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Finding HDT Friendly Campgrounds


Snowflake

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We are new to this forum and new to travelling the US with our HDT and 5th. We've done some local camping in Canada (Manitoba) with it but that's it. The current plan is to spend 6-8 weeks this winter (likely late January to mid-March) in the Arizona and/or Texas areas. We have friends in Apache Junction/Mesa area so would like to spend a couple of weeks there but otherwise are open regarding locations. Not necessarily looking to spend the entire time in one or two locations either. We would be willing to move every 1-2 weeks to find new things to see and do as well. We are looking for ideas on where to find campgrounds that can accommodate an HDT rig and 35' 5th wheel. We have the Smart car on the HDT so can drive to attractions, shopping, etc without needing to use the big rig. Our ideal sites would be outside of towns/cities so we don't get the "parking lot" feel. We know most parks in those states will have quite a few seasonal residents but would prefer one that has a decent percentage of short-term residents rather than almost all seasonal. No pets so that's not a concern. I turn 55 in mid-Feb (though my wife is younger) so I'm hoping that means the 55+ parks are an option.

 

Looking for ideas of places to go, good websites to visit for more info, etc.

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At the top of the HDT forum page you will see a "pinned" title that says Heavy Haulers Resource Guide. Click on it and you should open a page that gives you access to "Heavy Haulers RV Campground Guide". If you click on that it will show numerous HDT friendly campgrounds by state.

http://www.rvnetwork.com/index.php?showtopic=88214

 

Also there is a link to submit any campgrounds you may find that are not listed. You will see it under "Campground Submissions ".

http://www.hhrvcampgrounds.com/

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Also, on RVParkReviews, some HDTers put that or HDT in their reviews. You can search for "HDT" or "HDTer" and drill down into their other reviews by those folks to see what their value system for rating parks is and what they thought of where they have stayed.

 

I also check on Good Sam's park directory online to see what they say the site sizes are and any comments about them. People who go to a park that says sites are longer than what they really are will almost always make a comment to that fact.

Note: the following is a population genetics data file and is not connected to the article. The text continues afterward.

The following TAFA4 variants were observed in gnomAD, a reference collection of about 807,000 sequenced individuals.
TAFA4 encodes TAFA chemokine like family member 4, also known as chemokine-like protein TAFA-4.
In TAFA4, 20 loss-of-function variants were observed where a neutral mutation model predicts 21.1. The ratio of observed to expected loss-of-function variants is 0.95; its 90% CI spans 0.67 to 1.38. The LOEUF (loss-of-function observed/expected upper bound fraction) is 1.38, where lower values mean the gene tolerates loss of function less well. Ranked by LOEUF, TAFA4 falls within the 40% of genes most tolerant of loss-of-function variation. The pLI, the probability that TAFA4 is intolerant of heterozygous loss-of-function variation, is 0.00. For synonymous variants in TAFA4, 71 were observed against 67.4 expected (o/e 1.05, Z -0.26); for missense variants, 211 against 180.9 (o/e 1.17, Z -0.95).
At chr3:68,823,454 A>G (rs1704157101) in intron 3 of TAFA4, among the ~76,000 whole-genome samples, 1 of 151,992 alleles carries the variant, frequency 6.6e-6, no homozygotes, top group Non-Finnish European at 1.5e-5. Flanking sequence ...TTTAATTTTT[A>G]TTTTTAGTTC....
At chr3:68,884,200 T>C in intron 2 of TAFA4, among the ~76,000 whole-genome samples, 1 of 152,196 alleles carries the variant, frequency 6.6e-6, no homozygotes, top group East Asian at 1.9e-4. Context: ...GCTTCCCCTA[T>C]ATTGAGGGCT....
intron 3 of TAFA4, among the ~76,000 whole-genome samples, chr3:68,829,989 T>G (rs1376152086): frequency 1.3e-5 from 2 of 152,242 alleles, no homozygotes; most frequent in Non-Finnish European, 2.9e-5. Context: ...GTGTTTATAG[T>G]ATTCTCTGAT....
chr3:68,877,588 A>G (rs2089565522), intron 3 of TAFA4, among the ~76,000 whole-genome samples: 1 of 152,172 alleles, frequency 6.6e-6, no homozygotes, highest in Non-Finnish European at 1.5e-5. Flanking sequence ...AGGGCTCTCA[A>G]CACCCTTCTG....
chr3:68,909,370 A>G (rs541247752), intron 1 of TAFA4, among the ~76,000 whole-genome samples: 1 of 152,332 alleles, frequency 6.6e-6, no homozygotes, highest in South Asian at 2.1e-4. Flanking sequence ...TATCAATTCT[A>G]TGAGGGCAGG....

I agree, Big Rig Friendly is as meaningless as BroadBand speeds.

 

As others have said, though, the real test is google earth view of a park. That will show comparative site sizes but also how tight and convoluted the drives may be to get in and out.

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We have relied primarily on RV Park Reviews for big rig information. I also spend time on the phone when making the reservations to be sure the folks understand how long we are. Small older parks are usually mostly backin sites with narrow roads. We avoid them unless desperate. The last two parks we stayed in were backin only and one was so tight that getting the trailer out would have been a longer process than getting it in. Rather than slowly working the trailer out of the spot, I paid a pickup with a 5th wheel hitch to pull the trailer out of the space. We stay at this park once a year when visiting our son and his family.

 

When we need to go into a convoluted park I walk the route first to be sure the rig has enough room. I have had the truck and trailer in a couple of situations that took considerable time to get free from. When we return to Arizona this fall I will install a camera on the back of the trailer. The camera will not stop me from hitting something, but it will let me see what I hit.

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Thank-You so thus far for the good advise. My wife and I are looking forward to our winter trip, providing I finish the deck on the truck in time. My farming duties have not allowed me to do any work on our truck this summer, however we were able to use for weekend trips around Manitoba. If anyone with a HDT is looking to experience what Manitoba Canada has to offer for a summer vacation I will be glad to offer you a large selection of areas, from wooded beach campgrounds to places around our major cities.

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Snowflake, this is how I start. I bring up the Passport America web site and also the Good Sam website in another session. Then I use my Streets and Trips to plot out the general route I'm taking. If I can find a Passport site near the route I use them first. However, you can get a wider view using the map feature of Good Sam. Once I have the general route I start looking at parks and look for the listing Big Rig Sites. After I have that information I use this new invention called a TELEPHONE and call them and ask questions to be sure they can fit my 65'. This will generally save you disappointment of 'Big Rig Friendly' sites. I have had very little trouble using that method. I have found if you call ahead parks will go out of their way to accommodate our size rigs. If I'm only over nighting I have had parks come and put cones around the front of the rig so I did not have to unhook.